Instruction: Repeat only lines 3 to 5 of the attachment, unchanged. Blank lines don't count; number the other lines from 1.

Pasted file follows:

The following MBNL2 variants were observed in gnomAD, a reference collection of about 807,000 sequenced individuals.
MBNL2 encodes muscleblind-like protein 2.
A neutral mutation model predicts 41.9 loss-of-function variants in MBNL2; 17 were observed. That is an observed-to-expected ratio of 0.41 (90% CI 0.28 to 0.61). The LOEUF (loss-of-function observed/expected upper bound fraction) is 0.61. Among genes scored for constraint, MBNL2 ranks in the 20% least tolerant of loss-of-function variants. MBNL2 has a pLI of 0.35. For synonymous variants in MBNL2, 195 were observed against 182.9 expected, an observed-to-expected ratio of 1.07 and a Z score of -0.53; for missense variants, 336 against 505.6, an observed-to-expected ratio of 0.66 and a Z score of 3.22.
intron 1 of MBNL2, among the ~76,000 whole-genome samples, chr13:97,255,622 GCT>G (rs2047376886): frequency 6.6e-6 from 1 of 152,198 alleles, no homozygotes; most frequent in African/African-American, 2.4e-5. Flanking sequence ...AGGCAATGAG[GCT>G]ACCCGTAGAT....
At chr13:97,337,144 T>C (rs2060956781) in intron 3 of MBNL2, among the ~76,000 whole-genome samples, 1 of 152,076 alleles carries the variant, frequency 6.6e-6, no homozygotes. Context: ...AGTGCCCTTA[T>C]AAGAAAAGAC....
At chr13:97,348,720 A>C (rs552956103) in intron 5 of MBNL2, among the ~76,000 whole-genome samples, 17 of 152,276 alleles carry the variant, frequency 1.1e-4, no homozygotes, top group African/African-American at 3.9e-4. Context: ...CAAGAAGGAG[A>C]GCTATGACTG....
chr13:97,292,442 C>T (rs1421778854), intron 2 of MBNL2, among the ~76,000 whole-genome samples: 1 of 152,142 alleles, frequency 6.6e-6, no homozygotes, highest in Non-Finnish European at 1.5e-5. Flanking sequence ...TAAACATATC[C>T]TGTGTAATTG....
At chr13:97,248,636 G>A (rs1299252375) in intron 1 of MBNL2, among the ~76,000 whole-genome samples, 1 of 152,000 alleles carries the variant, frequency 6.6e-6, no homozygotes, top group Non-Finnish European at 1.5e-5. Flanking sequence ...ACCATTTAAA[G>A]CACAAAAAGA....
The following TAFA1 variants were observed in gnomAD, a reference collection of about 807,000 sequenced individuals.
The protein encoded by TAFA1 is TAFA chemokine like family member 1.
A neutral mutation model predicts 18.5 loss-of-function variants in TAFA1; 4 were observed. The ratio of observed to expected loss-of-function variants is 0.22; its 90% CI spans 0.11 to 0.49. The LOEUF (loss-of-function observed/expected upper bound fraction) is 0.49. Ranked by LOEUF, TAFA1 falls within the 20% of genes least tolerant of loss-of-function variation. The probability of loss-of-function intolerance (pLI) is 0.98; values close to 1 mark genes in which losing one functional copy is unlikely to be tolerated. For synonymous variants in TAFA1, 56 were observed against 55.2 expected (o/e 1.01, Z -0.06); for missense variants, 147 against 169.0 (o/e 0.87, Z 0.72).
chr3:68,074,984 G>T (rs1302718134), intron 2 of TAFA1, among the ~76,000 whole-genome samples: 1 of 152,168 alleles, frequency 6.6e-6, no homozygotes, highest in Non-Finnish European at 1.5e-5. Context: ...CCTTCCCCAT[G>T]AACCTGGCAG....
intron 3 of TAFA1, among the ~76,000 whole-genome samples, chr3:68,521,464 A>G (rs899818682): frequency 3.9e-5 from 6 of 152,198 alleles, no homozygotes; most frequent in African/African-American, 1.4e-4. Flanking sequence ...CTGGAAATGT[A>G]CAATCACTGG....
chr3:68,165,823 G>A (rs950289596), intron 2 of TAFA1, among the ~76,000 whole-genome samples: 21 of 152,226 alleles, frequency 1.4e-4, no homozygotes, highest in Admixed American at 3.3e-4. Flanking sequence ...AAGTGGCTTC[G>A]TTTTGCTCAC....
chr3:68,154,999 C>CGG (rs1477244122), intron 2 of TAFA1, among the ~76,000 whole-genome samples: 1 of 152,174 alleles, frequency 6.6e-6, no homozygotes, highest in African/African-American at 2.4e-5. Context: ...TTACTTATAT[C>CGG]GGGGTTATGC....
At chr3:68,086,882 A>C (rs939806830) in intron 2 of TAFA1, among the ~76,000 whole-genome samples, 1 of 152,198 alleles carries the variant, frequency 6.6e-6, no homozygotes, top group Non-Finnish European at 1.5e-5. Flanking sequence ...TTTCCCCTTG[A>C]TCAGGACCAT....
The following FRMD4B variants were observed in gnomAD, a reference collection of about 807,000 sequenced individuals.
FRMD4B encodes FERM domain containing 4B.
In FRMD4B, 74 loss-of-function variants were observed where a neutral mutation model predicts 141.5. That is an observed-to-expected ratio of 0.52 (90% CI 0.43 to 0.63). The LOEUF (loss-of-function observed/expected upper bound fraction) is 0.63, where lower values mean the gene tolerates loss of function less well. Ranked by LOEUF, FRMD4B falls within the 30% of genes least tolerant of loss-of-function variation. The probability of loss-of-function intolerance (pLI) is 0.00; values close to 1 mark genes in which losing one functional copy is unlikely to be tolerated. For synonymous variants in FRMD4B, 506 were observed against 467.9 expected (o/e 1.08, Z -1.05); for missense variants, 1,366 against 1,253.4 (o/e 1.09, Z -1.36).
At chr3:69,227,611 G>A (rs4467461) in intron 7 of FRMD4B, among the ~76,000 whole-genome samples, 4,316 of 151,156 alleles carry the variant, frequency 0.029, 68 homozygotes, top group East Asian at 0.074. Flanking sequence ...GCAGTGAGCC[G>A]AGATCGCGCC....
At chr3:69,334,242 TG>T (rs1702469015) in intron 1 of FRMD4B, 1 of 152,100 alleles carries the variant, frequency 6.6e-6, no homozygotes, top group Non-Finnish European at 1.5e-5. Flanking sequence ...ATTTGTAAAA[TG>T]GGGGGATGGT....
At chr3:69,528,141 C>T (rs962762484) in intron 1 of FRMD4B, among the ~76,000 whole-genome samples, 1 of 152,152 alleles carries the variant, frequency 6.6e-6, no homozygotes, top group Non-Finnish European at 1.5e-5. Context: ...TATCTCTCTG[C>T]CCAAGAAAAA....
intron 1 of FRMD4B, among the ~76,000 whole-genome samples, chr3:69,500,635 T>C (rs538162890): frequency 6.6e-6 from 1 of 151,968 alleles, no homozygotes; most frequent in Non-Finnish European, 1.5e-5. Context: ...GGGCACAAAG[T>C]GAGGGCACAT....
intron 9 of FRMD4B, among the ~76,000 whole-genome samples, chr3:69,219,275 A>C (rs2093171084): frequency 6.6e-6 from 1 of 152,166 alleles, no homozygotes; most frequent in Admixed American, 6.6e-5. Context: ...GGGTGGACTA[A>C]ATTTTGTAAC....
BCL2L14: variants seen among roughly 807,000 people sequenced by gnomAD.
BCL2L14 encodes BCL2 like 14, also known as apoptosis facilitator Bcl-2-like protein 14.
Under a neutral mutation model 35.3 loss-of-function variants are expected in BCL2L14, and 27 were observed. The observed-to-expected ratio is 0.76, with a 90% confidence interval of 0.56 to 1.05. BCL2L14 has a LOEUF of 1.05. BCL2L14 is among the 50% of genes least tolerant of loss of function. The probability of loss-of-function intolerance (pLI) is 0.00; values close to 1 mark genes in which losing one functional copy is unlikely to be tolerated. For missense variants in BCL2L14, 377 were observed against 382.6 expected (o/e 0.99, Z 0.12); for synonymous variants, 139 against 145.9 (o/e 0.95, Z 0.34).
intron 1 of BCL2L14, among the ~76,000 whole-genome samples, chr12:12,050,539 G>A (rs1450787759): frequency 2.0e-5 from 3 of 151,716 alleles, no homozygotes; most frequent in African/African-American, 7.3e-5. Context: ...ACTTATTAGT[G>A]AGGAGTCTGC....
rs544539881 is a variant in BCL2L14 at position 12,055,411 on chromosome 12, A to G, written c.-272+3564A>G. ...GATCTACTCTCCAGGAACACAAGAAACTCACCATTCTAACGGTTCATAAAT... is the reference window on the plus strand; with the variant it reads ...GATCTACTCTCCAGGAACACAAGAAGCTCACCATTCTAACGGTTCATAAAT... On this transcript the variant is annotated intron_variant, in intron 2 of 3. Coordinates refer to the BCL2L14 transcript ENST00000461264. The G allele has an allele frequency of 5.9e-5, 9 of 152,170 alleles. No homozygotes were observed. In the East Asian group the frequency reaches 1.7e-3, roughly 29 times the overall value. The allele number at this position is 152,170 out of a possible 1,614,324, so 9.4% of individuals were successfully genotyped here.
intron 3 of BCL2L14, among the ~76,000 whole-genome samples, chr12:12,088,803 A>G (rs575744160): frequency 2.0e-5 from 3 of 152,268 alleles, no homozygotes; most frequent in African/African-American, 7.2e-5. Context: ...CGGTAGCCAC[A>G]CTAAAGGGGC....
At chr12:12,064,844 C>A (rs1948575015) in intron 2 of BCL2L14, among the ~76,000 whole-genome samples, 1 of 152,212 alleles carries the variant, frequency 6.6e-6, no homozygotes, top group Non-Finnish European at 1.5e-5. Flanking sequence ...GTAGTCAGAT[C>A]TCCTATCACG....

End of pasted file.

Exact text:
A neutral mutation model predicts 41.9 loss-of-function variants in MBNL2; 17 were observed. That is an observed-to-expected ratio of 0.41 (90% CI 0.28 to 0.61). The LOEUF (loss-of-function observed/expected upper bound fraction) is 0.61. Among genes scored for constraint, MBNL2 ranks in the 20% least tolerant of loss-of-function variants. MBNL2 has a pLI of 0.35. For synonymous variants in MBNL2, 195 were observed against 182.9 expected, an observed-to-expected ratio of 1.07 and a Z score of -0.53; for missense variants, 336 against 505.6, an observed-to-expected ratio of 0.66 and a Z score of 3.22.
intron 1 of MBNL2, among the ~76,000 whole-genome samples, chr13:97,255,622 GCT>G (rs2047376886): frequency 6.6e-6 from 1 of 152,198 alleles, no homozygotes; most frequent in African/African-American, 2.4e-5. Flanking sequence ...AGGCAATGAG[GCT>G]ACCCGTAGAT....
At chr13:97,337,144 T>C (rs2060956781) in intron 3 of MBNL2, among the ~76,000 whole-genome samples, 1 of 152,076 alleles carries the variant, frequency 6.6e-6, no homozygotes. Context: ...AGTGCCCTTA[T>C]AAGAAAAGAC....